Craving Curly Fries? Make Them Yourself!
Have spiralizer, will make curly fries.
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Most people I know who have a spiralizer on the shelf have it for Whole30- or Paleo-related reasons — myself included. There’s really no other way to zoodle, right? But long after your diet shifts, you can embrace the real reason to keep that spiralizer on hand: curly fries.
Sure, you can attempt to make curly fries without a spiralizer, but … why? The whole point of curly fries is the utterly delightful shape. You want them as springy and curly as kitchen technology will allow. My weapon of choice is a Paderno World Cuisine 3-Blade Vegetable Slicer, but choices abound — from this $12 handheld curl cutter to an attachment for your KitchenAid® Stand Mixer.
But it’s not just the shape that makes a curly fry a curly fry. Unlike regular fries, which are basically potatoes and salt, curly fries are almost universally doused in a range of spices — think garlic powder, onion powder, or paprika — which give them their signature taste (and, often, color). The flavors aren’t required, but they are expected.
The best curly fries, IMHO, are fried in oil, but I don’t always have the emotional bandwidth for all that deep frying. In which case, you can bake them (pro tip: line your baking sheet with parchment paper for easy clean up).
In fact, with spiralizer in hand, there’s very little you can’t transform into an Arby’s-esque treat.
I love a good Food52 recipe, and this one does not disappoint. This is a pretty classic fried curly fry, from the russet potatoes to the flour coating seasoned with salt, onion powder, garlic powder, cayenne, and paprika. Yes, these are deep fried in canola oil, and yes, they’re supposed to taste like Arby’s.
Curly Sweet Potato Fries Recipe
In another copycat Arby’s recipe, using my beloved Paderno Spiralizer, sweet potatoes give it an extra orange color. These are baked in a single layer with just a hint of olive oil.
Curly Fries with Horseradish Mustard
In this recipe, from Table for Two, the flavor is in the horseradish-mustard dip, not the curly fries themselves.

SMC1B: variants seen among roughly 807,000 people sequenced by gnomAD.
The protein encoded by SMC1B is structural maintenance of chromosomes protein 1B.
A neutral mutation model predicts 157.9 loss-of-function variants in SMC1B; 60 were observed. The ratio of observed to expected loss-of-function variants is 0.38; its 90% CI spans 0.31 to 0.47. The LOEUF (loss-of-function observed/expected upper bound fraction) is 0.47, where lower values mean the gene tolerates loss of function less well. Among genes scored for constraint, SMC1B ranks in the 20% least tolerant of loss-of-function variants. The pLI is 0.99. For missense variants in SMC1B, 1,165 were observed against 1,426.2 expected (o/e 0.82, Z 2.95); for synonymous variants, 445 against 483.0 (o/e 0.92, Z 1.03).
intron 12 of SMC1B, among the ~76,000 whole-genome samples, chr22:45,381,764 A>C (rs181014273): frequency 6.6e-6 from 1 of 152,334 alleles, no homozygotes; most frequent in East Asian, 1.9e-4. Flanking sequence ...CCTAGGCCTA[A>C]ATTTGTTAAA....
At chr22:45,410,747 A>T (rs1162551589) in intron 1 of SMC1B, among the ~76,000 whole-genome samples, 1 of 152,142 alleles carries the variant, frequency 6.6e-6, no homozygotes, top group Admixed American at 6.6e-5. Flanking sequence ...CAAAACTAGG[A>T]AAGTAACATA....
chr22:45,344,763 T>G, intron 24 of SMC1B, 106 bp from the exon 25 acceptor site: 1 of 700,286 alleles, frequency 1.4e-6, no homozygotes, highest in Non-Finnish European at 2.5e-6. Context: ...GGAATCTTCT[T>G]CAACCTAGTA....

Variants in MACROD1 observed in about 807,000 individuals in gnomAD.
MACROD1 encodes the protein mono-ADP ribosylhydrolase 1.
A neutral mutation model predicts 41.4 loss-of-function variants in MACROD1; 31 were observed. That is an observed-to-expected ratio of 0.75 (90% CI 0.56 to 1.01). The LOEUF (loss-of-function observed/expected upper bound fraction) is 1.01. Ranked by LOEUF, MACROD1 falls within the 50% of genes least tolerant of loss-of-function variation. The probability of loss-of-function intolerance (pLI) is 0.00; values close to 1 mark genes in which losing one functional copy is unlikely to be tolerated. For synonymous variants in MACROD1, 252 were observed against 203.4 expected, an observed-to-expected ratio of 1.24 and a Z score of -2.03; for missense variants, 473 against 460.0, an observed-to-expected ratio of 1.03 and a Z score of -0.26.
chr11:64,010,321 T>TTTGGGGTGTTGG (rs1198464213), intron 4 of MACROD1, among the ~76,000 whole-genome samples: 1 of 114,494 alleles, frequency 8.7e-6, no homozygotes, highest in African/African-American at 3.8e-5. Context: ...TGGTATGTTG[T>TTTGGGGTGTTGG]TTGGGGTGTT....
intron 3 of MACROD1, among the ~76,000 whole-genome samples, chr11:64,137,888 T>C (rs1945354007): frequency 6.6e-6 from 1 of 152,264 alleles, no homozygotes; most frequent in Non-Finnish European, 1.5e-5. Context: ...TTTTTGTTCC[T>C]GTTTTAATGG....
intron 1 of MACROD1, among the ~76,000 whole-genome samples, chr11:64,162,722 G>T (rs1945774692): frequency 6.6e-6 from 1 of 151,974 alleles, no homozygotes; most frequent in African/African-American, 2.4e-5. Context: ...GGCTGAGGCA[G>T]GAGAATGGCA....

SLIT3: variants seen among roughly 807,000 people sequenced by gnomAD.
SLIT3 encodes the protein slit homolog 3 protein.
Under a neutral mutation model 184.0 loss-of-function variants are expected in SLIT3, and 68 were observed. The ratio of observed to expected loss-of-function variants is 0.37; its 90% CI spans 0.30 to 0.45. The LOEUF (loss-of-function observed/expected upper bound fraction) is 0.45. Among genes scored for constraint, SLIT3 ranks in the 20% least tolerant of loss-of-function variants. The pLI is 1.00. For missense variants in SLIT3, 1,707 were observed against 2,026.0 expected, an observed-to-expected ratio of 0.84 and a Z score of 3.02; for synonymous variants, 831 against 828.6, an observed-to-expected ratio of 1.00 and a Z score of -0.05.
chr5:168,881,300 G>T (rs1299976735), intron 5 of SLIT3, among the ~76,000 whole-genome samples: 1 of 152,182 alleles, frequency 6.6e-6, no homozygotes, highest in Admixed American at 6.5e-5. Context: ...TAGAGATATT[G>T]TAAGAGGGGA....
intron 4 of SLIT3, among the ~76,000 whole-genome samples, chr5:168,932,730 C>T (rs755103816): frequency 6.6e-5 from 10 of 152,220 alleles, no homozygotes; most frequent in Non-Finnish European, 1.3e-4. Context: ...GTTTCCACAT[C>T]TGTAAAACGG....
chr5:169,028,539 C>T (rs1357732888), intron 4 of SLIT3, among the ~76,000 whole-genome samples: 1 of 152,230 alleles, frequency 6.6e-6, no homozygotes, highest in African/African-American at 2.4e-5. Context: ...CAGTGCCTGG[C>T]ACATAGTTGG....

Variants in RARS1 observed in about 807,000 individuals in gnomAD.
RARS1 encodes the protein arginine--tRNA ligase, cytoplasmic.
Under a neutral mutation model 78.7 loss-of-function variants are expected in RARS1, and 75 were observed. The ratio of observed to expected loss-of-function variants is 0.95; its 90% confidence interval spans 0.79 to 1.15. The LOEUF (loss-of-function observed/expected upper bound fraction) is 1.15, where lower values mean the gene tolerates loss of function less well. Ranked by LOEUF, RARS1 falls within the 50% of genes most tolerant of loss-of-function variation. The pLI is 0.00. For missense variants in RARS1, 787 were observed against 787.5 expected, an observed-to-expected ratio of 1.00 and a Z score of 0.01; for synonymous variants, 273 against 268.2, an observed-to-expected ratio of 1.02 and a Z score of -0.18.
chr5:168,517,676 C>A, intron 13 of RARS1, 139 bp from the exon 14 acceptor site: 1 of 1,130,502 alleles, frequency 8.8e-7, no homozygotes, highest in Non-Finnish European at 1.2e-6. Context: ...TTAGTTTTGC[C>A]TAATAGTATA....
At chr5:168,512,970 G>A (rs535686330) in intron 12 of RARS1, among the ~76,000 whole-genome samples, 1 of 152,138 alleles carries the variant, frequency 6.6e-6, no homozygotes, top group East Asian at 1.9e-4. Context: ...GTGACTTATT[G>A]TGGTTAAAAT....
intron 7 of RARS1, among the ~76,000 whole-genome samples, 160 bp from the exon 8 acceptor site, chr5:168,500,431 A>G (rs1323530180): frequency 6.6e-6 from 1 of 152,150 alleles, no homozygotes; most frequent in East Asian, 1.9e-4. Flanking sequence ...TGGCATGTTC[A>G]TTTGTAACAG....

Crispy Rosemary Baked Curly Fries
These relatively spare curly fries are seasoned just with minced rosemary and sea salt before baking, which is Tasty Thin’s workaround for keeping these truly Whole30 compliant. (She calls them “spiralized potatoes” rather than “fries”).
Crispy Garlic Curly Fries
With Salt and Wit’s baked curly fries get a healthy dose of garlic — a whole head! — and are meant to be served not with ketchup but your favorite marinara.
Oven Baked Curly Cheese Fries
Gluten Free Homestead wants you to add aged cheddar cheese and scallions to your fries — and I wholeheartedly agree.
Baked Truffle Curly Fries
This recipe from Veggies Don’t Bite reminds us that curly fries are vegan — and that truffle salt makes almost everything better.
Healthy Oil-Free Baked Curly Fries
This recipe from The Bigman’s World takes “healthy” to another level by baking instead of frying and skipping the vegetable oil completely.
Air Fried Curly Fries with Bacon Chive Dip
Susan at The Girl in the Little Red Kitchen feels the same as I do about all that oil. “Deep frying at home leaves your house smelling like oil for days and a greasy mess everywhere,” she writes. Her solution? Trade the deep fryer for an air fryer. All it requires is 1 tablespoon of olive oil. The Greek yogurt-based dip is an extra bonus.
Homemade Air Fryer Cajun Curly French Fries
Chili Pepper Madness also relies on an air fryer. He uses his signature Homemade Cajun Seasoning blend to keep things true to his name — crazy spicy. (The secret? Ghost Pepper Powder.)
Sweet Potato Curly Fries With Chipotle Lime Aioli
Another baked curly fry recipe from With Salt and Wit, this one using sweet potatoes and pairing them with a deliciously spicy, yogurt-based “aioli.”
Sweet Potato Curly Fries With Yogurt, Sriracha, And Cilantro
A somewhat similar side dish, from My Name Is Yeh, kicks it up a notch with a global flavor profile, inspired by a squash recipe in Yotam Ottolenghi’s cookbook, Plenty More. Plus, it’s gorgeous.
Curly Parsnip Fries
Move over sweet potatoes, there’s a new root vegetable in town, ready for spiralizing: parsnips. Primal Palate keeps it pretty simple: These are baked, with just a touch of salt (we prefer larger kosher salt flakes) and garlic powder to taste.
Crispy Plantain Curly Fries
In this recipe from What Great Grandma Ate, starchy plantains get the spiralized potato treatment — and they're delicious.
Spicy Roasted Carrot Fries
Honestly, anything you can spiralize can then be fried or baked and dipped in something yummy — even carrots.
Baked Parmesan Zucchini Curly Fries
Your favorite zoodles, just … different. “This healthy recipe combines two bar food favorites—fried zucchini and curly fries—into one tempting package,” writes Robin Bashinsky at Eating Well. The fries get an extra crunch from the parmesan-Panko breading.